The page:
Role playing games often push boundaries that other types of game can’t, simply because they have more tools to tell better stories. The death of a main character is a tool that role playing games can use that many other types of games can’t. There are a few exceptions, like Red Dead Redemption, but for the most part, killing a main character in any other genre of game ends the game immediately. This tool, when used well, can tell an amazing story. The following are the top five best role playing games where a main character dies.
4. Phantasy Star II – At the start of the game you control just one character, Rolf. Within minutes you add a second character to your party, the mysterious Nei. Her story seems to be central to the narrative. And while that is true, that story also ends roughly 1/3 of the way through the game, when she is killed by her dark alter ego. It may be the first RPG to kill a main character and it was shocking at the time. As a player you were so certain that she would be on your party for the entire game and then she was gone permanently. To this day the moment still holds up as one of the defining moments of the genre, even if the game itself is horribly dated.
3. Final Fantasy V – While the impact of Nei’s death was stunning in terms of story, the impact in terms of game play was nearly trivial, since you had a stable of other characters to replace her. When the old man Galuf dies in Final Fantasy V, it is devastating in terms of both story and game play. According to the story, he is one of the four destined warriors. Without him, it seems impossible to win the game. In terms of game play, there is no character to replace him and the hours of work you put into building his classes have gone to waste. Both concerns are resolved a short time later when he passes his powers to his granddaughter Krile, but until then you are on the seat of your pants. The game itself is considered the best of the Final Fantasy games to include job systems, so if you like that play style, it is worth owning.
2. Final Fantasy VII – This game often tops the list of best Final Fantasy games for a reason. The mixture of high fantasy and future technology elements form a near perfect balance and the villain is one of the best ever created. Part of what makes him such a great villain is what he does halfway through the game. During a truly famous cut scene, he kills the main character Aeris with a single strike of his sword. Just like Nei, this is a character that has been with you since almost the start of the game but with an even more fleshed out personality and obvious feelings for the other main character, Cloud. Unlike Nei, she wasn’t killed due to a rivalry between the two characters, but rather to make another character suffer. It is a stunning death that helps build an epic story for a game that already had excellent game play and a strong storyline.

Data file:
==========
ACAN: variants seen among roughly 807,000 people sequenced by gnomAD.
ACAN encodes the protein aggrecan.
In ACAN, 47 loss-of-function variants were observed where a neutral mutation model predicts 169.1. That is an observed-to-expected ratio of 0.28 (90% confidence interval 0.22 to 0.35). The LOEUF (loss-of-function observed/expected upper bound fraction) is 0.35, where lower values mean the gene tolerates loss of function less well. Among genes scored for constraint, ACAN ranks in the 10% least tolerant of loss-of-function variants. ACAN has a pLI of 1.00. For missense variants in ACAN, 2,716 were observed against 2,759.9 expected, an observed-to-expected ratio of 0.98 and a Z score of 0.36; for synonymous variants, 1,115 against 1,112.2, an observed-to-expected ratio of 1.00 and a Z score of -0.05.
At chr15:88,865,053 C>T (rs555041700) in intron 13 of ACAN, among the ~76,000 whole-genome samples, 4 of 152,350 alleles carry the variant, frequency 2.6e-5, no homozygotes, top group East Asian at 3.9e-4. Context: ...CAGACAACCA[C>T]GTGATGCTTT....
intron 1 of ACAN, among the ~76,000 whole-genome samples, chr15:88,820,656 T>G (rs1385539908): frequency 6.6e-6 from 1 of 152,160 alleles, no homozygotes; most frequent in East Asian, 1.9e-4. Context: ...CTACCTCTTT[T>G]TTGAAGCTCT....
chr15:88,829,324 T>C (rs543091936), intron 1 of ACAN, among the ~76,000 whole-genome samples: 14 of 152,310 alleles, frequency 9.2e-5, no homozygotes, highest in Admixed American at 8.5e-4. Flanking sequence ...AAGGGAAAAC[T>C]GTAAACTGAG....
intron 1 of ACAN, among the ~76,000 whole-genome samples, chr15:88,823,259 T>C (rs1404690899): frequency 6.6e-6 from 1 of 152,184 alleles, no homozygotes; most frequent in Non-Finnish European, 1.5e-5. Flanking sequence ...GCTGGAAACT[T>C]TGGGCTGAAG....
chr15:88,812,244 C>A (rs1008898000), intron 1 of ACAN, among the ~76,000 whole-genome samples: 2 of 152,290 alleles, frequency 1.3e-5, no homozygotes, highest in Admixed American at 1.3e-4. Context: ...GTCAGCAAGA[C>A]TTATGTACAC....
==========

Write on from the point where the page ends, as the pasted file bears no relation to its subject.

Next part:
2. Chrono Trigger – Final Fantasy VII may have killed off a main character, but Chrono Trigger literally kills the title character about halfway through the story. In a sequence that you can’t possibly avoid, Crono dies while facing the presumptive final villain of the game. This is shocking given that he is the one character you can’t remove from your party up until that point in the story. As the plot progresses, you have the option to restore him to life, but you can also choose to finish the game with him still dead. This is one of many reason that Chrono Trigger is considered one of the best role playing games ever made and if you haven’t played this time jumping epic, you should grab a copy off PSN and give it a shot.
1. Planescape: Torment – This game actually starts with your character awakening from death. But that isn’t the only time your character dies in the game. In fact, your character will die repeatedly throughout the game and there are even portions of the game where you can only progress by dying. This RPG is unique because instead of treating death like failure, it treats it as simply a mechanic to further the story. The game itself is an old isometric game that uses early action RPG mechanics. An eerie setting, a constantly growing story, and some of the strangest companions to ever appear in a role playing game make it a classic game that belongs on the shelf of any RPG enthusiast.